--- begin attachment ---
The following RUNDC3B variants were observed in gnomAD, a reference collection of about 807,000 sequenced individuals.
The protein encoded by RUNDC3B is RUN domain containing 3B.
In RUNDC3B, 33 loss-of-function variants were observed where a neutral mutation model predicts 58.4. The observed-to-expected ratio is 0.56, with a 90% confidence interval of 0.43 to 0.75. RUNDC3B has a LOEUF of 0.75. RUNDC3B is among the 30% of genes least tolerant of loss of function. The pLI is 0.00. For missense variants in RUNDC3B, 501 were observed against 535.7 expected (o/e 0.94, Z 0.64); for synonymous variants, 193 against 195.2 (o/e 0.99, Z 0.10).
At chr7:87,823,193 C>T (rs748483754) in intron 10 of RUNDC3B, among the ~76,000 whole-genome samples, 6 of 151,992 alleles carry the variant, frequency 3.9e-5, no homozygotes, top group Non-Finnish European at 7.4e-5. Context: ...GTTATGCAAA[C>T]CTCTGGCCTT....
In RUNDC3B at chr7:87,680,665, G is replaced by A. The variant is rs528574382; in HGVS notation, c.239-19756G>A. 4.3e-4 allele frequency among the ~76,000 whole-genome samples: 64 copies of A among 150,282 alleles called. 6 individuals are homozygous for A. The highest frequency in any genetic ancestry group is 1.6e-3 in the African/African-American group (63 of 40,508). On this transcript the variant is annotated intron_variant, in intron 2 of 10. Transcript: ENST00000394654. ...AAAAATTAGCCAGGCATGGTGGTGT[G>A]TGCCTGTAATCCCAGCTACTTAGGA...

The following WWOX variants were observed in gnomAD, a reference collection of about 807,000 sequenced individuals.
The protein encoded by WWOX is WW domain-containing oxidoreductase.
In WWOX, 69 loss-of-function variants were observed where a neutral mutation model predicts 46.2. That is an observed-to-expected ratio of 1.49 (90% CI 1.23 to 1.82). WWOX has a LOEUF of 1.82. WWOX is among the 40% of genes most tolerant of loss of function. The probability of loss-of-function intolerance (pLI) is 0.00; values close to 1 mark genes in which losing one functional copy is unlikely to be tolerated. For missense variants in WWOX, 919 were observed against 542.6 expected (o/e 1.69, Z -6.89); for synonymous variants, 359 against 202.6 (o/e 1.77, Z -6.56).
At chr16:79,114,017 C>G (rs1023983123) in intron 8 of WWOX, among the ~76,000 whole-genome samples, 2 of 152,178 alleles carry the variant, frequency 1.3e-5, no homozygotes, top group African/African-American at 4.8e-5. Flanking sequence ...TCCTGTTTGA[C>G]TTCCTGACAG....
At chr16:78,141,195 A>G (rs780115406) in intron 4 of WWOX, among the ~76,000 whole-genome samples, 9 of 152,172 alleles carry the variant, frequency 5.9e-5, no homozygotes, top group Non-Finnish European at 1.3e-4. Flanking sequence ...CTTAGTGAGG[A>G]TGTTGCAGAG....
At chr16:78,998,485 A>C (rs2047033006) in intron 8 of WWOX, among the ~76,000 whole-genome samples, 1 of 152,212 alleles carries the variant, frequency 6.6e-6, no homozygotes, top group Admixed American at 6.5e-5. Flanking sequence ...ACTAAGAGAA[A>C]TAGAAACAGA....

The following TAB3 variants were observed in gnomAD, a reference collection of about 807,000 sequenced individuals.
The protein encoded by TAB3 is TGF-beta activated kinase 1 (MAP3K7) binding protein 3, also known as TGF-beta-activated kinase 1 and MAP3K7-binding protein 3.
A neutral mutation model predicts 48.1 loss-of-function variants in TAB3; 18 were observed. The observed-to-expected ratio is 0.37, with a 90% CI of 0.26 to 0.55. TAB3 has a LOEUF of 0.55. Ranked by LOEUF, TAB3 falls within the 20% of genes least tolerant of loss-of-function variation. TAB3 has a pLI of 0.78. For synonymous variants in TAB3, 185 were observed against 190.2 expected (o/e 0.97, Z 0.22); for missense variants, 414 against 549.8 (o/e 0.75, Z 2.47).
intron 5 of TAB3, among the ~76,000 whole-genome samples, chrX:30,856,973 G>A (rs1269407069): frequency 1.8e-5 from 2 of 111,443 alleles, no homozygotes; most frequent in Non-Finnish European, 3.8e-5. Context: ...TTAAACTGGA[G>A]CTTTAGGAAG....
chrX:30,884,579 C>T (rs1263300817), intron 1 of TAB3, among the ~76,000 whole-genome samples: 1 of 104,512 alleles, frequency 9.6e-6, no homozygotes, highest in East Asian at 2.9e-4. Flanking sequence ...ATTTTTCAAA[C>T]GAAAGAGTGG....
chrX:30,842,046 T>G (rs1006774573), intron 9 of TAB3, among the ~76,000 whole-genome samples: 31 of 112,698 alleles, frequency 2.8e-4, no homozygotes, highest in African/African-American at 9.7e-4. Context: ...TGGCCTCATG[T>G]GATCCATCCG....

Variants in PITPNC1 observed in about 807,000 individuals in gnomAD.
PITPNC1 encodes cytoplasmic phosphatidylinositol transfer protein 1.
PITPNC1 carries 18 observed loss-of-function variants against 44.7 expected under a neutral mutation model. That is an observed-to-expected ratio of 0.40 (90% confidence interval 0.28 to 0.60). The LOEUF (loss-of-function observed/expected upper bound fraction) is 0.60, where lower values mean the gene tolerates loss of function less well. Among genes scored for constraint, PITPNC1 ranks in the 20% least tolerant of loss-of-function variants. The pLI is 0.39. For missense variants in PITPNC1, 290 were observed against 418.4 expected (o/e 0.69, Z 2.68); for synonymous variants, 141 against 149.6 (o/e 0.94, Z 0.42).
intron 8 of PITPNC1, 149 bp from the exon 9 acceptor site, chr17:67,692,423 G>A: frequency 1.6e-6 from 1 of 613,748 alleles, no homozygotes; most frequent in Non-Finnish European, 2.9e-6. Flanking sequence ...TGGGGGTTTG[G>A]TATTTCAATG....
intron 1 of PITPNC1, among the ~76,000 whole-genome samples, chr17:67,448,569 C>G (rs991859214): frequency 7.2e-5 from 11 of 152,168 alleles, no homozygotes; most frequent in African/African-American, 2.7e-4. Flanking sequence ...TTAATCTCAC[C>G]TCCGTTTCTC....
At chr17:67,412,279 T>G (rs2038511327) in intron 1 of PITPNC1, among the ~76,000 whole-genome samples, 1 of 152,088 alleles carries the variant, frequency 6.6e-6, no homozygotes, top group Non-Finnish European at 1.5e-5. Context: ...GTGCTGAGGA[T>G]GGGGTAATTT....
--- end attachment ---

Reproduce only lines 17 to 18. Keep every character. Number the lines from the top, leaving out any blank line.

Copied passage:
chrX:30,842,046 T>G (rs1006774573), intron 9 of TAB3, among the ~76,000 whole-genome samples: 31 of 112,698 alleles, frequency 2.8e-4, no homozygotes, highest in African/African-American at 9.7e-4. Context: ...TGGCCTCATG[T>G]GATCCATCCG....

Variants in PITPNC1 observed in about 807,000 individuals in gnomAD.